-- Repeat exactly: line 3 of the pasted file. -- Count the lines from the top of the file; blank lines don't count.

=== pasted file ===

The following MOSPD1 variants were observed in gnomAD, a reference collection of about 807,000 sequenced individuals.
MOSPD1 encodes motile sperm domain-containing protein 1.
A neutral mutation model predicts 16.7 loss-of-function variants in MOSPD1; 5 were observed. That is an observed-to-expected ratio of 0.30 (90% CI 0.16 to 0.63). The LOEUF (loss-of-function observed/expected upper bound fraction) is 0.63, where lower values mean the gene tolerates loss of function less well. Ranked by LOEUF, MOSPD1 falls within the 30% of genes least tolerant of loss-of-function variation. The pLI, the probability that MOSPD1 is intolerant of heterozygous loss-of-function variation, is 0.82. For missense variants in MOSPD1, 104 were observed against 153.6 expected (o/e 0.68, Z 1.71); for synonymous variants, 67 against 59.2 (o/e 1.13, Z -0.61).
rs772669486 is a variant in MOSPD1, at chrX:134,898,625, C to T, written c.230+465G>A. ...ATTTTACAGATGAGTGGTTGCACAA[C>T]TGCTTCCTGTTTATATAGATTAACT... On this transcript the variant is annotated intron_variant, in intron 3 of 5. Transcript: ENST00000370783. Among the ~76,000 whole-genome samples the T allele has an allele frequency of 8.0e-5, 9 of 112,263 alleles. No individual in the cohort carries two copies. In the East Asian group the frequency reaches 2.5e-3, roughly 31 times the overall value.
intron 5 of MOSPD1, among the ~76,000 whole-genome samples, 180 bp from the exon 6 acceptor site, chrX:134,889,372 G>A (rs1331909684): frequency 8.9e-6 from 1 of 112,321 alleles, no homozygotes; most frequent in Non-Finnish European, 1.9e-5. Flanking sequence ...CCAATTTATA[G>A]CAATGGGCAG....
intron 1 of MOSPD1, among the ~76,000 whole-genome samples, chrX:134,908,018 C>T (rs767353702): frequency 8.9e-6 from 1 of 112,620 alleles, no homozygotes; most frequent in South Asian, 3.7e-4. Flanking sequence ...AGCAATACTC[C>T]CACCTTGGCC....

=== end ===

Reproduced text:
A neutral mutation model predicts 16.7 loss-of-function variants in MOSPD1; 5 were observed. That is an observed-to-expected ratio of 0.30 (90% CI 0.16 to 0.63). The LOEUF (loss-of-function observed/expected upper bound fraction) is 0.63, where lower values mean the gene tolerates loss of function less well. Ranked by LOEUF, MOSPD1 falls within the 30% of genes least tolerant of loss-of-function variation. The pLI, the probability that MOSPD1 is intolerant of heterozygous loss-of-function variation, is 0.82. For missense variants in MOSPD1, 104 were observed against 153.6 expected (o/e 0.68, Z 1.71); for synonymous variants, 67 against 59.2 (o/e 1.13, Z -0.61).